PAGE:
The autopilot in the 777 was probably what kept the plane flying straight
and level long after the crew and passengers had asphyxiated. This isn't
wild speculation - it follows right along with what happened to golfer Payne
Why would a hijacker fly six hours into the middle of the Indian Ocean? Why
has there been no claim by terrorists? There are some big, BIG holes in the
hijack theory that I think you're overlooking.
And you keep ignoring the fact that such an event could easily be nothing
more than a coincidence. If there's one thing accident reconstructionists
learn it's that there are a lot of things that appear connected that really
aren't as well as things that appear unconnected but really are.
There's no proof of nefarious acts any more than there's proof that there
was a fire. You've chosen to base your theory on a lot of assertions and
information from the notoriously inept Malaysian government who was looking
for the plane in the wrong place for over a week. They have little or no
The fire theory is finding new adherents:
<<Aviation experts say that a 'blowtorch' fire that scorched an Egyptair
flight in 2011 could explain the disappearance of MH370 . . . The Egyptair
blaze ignited just before departure when a short circuit caused pipes to
explode in flames. The fierce blaze resulted in the Federal Administration
Aviation ordering repairs to American aircraft, but it's uncertain if
Malaysia Airlines did the same, The Telegraph reported.>>
<< "In simple terms, this fault can cause a blowtorch type fire that will
melt aluminium in a matter of seconds," said James Healy-Pratt, an aviation
lawyer and qualified pilot. . . . There is growing belief that an on-board
fire could explain what happened to the plane, rather than an act of
terrorism . . . The Federal Aviation Authority in Washington and the
European Aviation Safety Agency issued directives to airlines under their
control . . . It required the oxygen hoses on the bulk of the 777 fleet to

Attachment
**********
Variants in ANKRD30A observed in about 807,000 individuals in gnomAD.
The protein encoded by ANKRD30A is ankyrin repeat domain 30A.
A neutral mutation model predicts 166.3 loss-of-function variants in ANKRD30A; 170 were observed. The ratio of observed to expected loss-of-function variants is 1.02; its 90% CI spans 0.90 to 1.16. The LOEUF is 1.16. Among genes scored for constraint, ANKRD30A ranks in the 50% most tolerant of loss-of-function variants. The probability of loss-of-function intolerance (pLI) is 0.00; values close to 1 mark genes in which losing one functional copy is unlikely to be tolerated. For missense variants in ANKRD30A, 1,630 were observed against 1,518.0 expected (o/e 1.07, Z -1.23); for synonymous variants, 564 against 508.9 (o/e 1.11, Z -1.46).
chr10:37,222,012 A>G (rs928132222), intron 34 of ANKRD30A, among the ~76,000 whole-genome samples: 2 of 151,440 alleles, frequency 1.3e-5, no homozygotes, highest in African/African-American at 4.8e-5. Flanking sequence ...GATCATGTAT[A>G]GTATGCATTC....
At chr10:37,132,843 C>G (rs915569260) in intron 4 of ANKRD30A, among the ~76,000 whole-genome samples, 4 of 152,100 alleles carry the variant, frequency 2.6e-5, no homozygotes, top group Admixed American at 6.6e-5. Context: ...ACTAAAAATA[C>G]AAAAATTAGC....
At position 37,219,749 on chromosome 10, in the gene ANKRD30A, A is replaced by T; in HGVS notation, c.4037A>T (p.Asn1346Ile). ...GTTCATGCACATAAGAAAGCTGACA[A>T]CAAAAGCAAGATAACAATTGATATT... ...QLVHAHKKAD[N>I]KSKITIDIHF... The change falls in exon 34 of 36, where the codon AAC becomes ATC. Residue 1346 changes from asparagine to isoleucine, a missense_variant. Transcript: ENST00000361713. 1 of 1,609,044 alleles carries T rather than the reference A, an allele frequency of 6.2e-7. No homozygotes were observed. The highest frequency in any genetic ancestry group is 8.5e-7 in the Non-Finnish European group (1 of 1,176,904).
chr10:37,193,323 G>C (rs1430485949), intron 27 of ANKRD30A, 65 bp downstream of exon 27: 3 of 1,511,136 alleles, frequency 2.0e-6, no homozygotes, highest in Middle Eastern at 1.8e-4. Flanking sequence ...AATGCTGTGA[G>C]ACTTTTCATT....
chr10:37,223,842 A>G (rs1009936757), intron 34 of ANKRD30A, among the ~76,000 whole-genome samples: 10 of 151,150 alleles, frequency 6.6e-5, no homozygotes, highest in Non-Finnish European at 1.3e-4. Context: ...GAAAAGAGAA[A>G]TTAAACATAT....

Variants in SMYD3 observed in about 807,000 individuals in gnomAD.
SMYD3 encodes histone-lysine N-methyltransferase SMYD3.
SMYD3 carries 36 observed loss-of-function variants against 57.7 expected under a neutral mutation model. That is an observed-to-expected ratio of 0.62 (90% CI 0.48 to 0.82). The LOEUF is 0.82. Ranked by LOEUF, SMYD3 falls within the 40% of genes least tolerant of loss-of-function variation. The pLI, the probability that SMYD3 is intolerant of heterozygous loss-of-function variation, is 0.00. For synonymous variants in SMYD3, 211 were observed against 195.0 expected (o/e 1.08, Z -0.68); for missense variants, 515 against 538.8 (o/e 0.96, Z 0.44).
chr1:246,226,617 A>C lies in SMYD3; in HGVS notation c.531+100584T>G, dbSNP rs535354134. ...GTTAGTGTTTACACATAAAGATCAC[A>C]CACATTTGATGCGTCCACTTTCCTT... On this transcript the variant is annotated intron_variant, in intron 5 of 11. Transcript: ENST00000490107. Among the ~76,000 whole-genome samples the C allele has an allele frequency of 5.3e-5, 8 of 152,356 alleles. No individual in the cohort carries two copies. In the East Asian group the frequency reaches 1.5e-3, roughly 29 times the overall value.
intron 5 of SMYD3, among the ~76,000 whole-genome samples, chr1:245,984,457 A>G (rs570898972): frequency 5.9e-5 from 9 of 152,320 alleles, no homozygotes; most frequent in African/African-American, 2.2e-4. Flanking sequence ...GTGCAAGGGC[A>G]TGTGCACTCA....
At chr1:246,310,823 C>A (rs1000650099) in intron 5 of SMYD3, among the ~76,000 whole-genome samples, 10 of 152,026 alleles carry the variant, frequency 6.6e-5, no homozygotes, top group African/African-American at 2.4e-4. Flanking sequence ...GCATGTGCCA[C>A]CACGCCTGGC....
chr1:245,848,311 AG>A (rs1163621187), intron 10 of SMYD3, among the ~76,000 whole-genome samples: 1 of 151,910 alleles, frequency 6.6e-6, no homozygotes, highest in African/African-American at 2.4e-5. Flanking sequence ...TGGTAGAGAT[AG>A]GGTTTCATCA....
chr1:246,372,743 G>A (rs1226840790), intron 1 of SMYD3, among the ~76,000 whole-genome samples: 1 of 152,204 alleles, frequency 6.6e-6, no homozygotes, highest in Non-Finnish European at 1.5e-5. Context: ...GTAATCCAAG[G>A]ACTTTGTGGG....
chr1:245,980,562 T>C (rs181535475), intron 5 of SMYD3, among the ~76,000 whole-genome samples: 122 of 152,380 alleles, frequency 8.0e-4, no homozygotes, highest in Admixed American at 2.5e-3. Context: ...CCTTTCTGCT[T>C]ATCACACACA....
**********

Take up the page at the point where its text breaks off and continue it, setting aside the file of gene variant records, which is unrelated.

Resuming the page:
be replaced with an alternative which did not conduct electricity . . . "We
believe that in due course, the crew will be regarded as heroes rather than
villains, and we sincerely hope the Black Boxes will contain the data to
back that up, and to prevent further needless loss of life," Mr Healy-Pratt
Read through the examples of how quickly Apollo 1 and Valujet incinerated
and you're realize that two minutes can be a veritable eternity when
dealing with a flash fire.
The pilot of the Egyptair flight noted above talked about how fast the cabin
fire spread. This is something I know a little about because of my dad's
work on nuclear subs. Like airplanes or space capsules, fires on subs (or
in any similar closed space) are incredibly dangerous and can spread
unbelievably quickly - exhausting all breathable air in the space.
Pilots, astronauts and submariners know they have very little time to save
themselves in the event of a bad fire. Time and again they've said that
it's not unusual for a pilot in very bad trouble to not radio in. There is
a scenario that fits both our theories. Someone gains access to the cockpit
with a container of something flammable which they spill over the controls
and set on fire. Would a burning pilot's first concern be to phone home?
Would he even be able to? Doubtful.
The Egyptair failure mentioned the possibility of oxygen hoses rupturing,